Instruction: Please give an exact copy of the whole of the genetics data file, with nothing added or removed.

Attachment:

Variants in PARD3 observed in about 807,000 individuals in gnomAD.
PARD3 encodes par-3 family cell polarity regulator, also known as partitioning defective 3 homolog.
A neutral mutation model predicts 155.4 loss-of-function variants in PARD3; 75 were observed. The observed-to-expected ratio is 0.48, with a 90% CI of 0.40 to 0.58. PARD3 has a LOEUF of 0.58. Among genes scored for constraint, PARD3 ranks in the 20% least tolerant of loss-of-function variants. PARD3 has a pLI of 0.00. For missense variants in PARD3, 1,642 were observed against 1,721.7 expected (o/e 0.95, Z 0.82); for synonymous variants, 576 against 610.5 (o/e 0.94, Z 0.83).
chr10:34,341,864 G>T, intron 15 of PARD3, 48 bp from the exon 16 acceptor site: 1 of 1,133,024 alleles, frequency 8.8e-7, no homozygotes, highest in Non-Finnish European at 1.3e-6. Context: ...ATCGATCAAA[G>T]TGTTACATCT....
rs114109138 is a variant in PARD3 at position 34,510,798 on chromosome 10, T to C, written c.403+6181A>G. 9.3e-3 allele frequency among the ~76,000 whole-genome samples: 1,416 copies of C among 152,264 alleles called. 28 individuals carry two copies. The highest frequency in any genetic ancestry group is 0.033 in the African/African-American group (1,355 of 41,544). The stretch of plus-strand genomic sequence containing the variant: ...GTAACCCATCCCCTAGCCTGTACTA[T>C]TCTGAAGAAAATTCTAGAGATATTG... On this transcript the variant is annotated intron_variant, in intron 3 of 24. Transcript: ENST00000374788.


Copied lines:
Variants in PARD3 observed in about 807,000 individuals in gnomAD.
PARD3 encodes par-3 family cell polarity regulator, also known as partitioning defective 3 homolog.
A neutral mutation model predicts 155.4 loss-of-function variants in PARD3; 75 were observed. The observed-to-expected ratio is 0.48, with a 90% CI of 0.40 to 0.58. PARD3 has a LOEUF of 0.58. Among genes scored for constraint, PARD3 ranks in the 20% least tolerant of loss-of-function variants. PARD3 has a pLI of 0.00. For missense variants in PARD3, 1,642 were observed against 1,721.7 expected (o/e 0.95, Z 0.82); for synonymous variants, 576 against 610.5 (o/e 0.94, Z 0.83).
chr10:34,341,864 G>T, intron 15 of PARD3, 48 bp from the exon 16 acceptor site: 1 of 1,133,024 alleles, frequency 8.8e-7, no homozygotes, highest in Non-Finnish European at 1.3e-6. Context: ...ATCGATCAAA[G>T]TGTTACATCT....
rs114109138 is a variant in PARD3 at position 34,510,798 on chromosome 10, T to C, written c.403+6181A>G. 9.3e-3 allele frequency among the ~76,000 whole-genome samples: 1,416 copies of C among 152,264 alleles called. 28 individuals carry two copies. The highest frequency in any genetic ancestry group is 0.033 in the African/African-American group (1,355 of 41,544). The stretch of plus-strand genomic sequence containing the variant: ...GTAACCCATCCCCTAGCCTGTACTA[T>C]TCTGAAGAAAATTCTAGAGATATTG... On this transcript the variant is annotated intron_variant, in intron 3 of 24. Transcript: ENST00000374788.